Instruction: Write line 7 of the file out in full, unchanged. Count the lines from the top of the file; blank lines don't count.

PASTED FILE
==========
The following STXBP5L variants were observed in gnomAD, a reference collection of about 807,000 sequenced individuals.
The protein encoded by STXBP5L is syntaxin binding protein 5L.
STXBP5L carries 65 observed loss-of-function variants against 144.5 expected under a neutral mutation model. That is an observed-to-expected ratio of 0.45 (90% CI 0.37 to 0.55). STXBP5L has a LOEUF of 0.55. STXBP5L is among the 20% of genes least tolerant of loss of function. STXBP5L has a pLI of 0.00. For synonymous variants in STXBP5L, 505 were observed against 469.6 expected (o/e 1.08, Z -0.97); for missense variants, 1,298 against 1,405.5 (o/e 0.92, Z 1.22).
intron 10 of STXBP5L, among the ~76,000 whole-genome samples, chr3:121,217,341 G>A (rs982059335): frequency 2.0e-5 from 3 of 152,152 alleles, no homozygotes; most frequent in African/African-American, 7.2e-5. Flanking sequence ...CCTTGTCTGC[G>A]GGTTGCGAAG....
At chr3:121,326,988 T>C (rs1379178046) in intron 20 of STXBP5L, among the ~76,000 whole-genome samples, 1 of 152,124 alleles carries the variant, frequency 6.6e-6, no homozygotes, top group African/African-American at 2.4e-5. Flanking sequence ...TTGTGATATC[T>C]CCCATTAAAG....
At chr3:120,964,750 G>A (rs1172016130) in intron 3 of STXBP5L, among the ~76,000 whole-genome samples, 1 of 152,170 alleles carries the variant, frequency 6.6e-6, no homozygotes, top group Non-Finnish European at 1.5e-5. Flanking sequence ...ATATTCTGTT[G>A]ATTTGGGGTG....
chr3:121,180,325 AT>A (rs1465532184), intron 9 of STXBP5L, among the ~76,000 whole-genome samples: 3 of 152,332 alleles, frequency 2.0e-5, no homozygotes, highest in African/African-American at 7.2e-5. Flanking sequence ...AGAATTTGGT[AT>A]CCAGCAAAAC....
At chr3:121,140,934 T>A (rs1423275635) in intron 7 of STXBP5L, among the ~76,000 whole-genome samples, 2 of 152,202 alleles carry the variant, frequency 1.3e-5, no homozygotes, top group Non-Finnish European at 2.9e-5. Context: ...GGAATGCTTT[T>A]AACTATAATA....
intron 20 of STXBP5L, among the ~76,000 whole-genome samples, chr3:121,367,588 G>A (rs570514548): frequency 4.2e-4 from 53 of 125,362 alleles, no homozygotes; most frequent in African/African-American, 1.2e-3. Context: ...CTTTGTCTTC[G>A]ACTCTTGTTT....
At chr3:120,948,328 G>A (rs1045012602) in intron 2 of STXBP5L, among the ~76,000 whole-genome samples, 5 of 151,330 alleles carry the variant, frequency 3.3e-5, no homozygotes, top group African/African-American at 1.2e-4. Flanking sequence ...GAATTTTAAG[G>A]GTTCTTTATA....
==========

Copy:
chr3:121,180,325 AT>A (rs1465532184), intron 9 of STXBP5L, among the ~76,000 whole-genome samples: 3 of 152,332 alleles, frequency 2.0e-5, no homozygotes, highest in African/African-American at 7.2e-5. Flanking sequence ...AGAATTTGGT[AT>A]CCAGCAAAAC....